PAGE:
Opinion: Reverberations from the 1994 genocide are still heavily evident in everyday life in the East African nation
Between April and July of 1994, at least 800,000 Tutsis and moderate Hutus were slaughtered as part of an orchestrated effort by the extremist Hutu government and their militias to eradicate the Tutsi population in Rwanda. In the months prior to this, increasingly desperate warnings of the impending genocide from UN peacekeepers had fallen on unreceptive ears on the UN Security Council. As a result, the UN Assistance Mission for Rwanda (UNAMIR) was rendered impotent by its mandate and pathetic lack of resources by the time mass killings started.
Shake Hands with the Devil, written by UNAMIR’s Force Commander Roméo Dallaire, details the mostly fruitless efforts he made to spur the world’s major military powers into action at the time of the genocide. Many of his impassioned pleas foundered on American reluctance to engage in missions that did not affect Washington’s vital interests, and French resistance to UN action against a government with which Paris had uncomfortably close ties.
Dallaire’s book is a harrowing read, but also a highly authoritative account of one of humanity’s greatest failures. It should be compulsory reading for all future UN Security Council members, a group which Ireland may soon be counted amongst.
From RTÉ One's Nine News, Rwanda marks the 25th anniversary of the genocide that killed more than 800,000 people
Ultimately, it was the Tutsi-dominated Rwandan Patriotic Front (RPF) military group, under the command of Paul Kagame, that brought the killing to a halt, following three months of ethnic cleansing, coordinated by Hutu extremists, and UN inertia. After a four year civil war ended in 1994, the RPF had ostensibly been in cooperation with the Hutu regime in constructing a new transitional government until the plane carrying Rwanda's then president Juvénal Habyarimana was shot down by unknown assassins, prompting the start of the genocide.
Though not on a comparable scale to those of the Hutu regime, the RPF’s ascension to power was also marked by war crimes and ethnic killings. Worst amongst these was the 1995 Kibeho Massacre, when soldiers from the newly established Rwandan Patriotic Army reportedly killed 4,000 Hutu inhabitants of a displaced persons camp in one day.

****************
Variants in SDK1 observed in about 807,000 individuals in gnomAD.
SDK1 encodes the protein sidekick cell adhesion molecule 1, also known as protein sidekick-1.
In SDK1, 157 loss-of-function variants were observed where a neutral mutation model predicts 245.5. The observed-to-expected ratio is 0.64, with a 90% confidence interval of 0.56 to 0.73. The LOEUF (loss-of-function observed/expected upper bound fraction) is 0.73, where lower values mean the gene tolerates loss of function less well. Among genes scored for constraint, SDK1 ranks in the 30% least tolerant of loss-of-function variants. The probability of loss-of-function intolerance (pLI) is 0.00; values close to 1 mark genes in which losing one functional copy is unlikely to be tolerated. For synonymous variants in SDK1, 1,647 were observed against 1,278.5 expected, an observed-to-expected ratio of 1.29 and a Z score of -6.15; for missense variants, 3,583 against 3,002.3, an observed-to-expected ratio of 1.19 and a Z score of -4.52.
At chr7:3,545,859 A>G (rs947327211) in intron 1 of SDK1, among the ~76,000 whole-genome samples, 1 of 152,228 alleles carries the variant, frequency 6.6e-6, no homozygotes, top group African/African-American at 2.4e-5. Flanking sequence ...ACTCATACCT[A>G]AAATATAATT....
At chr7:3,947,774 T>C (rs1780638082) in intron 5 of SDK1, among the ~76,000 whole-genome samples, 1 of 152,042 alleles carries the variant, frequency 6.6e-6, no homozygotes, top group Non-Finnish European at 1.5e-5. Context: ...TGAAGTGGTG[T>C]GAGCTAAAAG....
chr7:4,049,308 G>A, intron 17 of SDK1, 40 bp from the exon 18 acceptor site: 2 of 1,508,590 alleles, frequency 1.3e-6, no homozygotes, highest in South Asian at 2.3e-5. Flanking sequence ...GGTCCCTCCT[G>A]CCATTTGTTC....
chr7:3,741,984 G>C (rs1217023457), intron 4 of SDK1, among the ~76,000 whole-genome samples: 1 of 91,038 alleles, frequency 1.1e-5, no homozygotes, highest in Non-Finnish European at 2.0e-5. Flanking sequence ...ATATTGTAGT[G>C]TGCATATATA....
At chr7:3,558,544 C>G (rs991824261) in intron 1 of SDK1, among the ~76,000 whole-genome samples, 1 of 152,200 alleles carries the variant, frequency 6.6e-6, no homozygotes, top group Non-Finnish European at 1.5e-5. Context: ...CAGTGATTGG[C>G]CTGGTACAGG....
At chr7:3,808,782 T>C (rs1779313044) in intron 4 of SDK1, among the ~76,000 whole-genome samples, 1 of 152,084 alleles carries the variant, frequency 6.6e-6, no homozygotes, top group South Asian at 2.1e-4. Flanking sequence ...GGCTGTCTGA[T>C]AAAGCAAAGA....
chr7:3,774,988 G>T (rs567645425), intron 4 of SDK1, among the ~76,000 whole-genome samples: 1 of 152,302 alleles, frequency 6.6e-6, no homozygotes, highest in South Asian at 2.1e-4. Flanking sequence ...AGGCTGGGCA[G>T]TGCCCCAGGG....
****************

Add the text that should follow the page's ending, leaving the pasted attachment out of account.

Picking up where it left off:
Despite such vicious origins, Rwanda under the RPF (now a political party) has been described as a miracle amalgam of reconciliation, resourcefulness and ingenuity. The country’s first post-genocide president Pasteur Bizimungu, a high-ranking Hutu member of the party, resigned in 2000, saying he had long felt marginalised and mistreated, to make way for his then vice-president Paul Kagame, who remains president to this day.
From RTÉ Archives, Charlie Bird reports for RTÉ News from Benaco in Tanzania where thousands of Rwandan refugees have set up camp to escape the massacre in their homeland
By virtue of his role in ending the genocide, Kagame is a hero for many Rwandans. His successes in economic development have made him a darling for international donors, investors and many other heads of state. Since Kagame assumed power, the country has experienced growth rates of 7% per year, is now deemed one of Africa’s safest countries, ranks in the global top 5 in terms of gender parity, has seen life expectancy double from 1994 rates, and now has vastly improved access to medical care in a nation where 90% of the population has health insurance. Rwanda is now a popular tourist destination, in part because of its reputation as Africa’s cleanest country, a feat achieved through the practice of Umaganda, an obligatory community clean-up that takes place on the last Saturday of every month.